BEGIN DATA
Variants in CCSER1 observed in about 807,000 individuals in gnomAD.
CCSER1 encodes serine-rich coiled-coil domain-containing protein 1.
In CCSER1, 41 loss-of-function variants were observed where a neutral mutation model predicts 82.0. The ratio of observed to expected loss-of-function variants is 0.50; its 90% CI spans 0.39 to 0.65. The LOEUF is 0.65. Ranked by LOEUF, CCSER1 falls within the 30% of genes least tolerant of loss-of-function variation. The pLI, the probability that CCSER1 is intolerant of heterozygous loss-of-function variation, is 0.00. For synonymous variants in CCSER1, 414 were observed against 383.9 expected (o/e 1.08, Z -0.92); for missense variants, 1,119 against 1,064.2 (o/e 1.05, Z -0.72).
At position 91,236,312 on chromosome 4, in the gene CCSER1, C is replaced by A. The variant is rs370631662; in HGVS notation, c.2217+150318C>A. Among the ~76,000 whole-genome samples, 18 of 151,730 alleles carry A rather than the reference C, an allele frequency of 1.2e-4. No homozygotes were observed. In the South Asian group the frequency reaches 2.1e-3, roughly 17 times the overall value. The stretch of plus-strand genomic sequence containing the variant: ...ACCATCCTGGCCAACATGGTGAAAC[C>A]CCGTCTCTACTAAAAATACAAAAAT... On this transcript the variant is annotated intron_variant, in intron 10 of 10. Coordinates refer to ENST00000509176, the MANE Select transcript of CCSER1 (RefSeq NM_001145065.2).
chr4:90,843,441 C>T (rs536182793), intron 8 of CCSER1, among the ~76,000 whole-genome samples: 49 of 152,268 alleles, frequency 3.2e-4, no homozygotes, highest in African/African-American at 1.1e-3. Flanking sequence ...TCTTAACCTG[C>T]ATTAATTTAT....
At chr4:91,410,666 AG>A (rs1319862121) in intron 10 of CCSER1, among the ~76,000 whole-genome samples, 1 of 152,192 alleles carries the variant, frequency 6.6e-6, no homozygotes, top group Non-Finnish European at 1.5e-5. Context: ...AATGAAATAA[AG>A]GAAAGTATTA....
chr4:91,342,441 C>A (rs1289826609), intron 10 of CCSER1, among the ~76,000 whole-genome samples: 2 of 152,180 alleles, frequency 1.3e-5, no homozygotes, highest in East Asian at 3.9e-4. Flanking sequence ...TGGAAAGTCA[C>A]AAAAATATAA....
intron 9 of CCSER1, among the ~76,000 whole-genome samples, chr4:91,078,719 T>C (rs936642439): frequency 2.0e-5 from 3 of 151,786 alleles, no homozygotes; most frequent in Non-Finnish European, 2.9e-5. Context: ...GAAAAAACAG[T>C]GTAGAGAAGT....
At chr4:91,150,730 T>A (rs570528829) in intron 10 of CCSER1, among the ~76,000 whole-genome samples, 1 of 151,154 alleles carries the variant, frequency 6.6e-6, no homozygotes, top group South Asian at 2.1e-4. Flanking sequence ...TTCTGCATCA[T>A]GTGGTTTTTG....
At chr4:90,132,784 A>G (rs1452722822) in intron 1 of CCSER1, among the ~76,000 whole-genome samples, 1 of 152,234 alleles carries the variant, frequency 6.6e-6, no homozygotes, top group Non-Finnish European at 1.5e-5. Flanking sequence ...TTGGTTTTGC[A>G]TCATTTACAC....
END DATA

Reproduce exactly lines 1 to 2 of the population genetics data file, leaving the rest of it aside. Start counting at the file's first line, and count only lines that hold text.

Variants in CCSER1 observed in about 807,000 individuals in gnomAD.
CCSER1 encodes serine-rich coiled-coil domain-containing protein 1.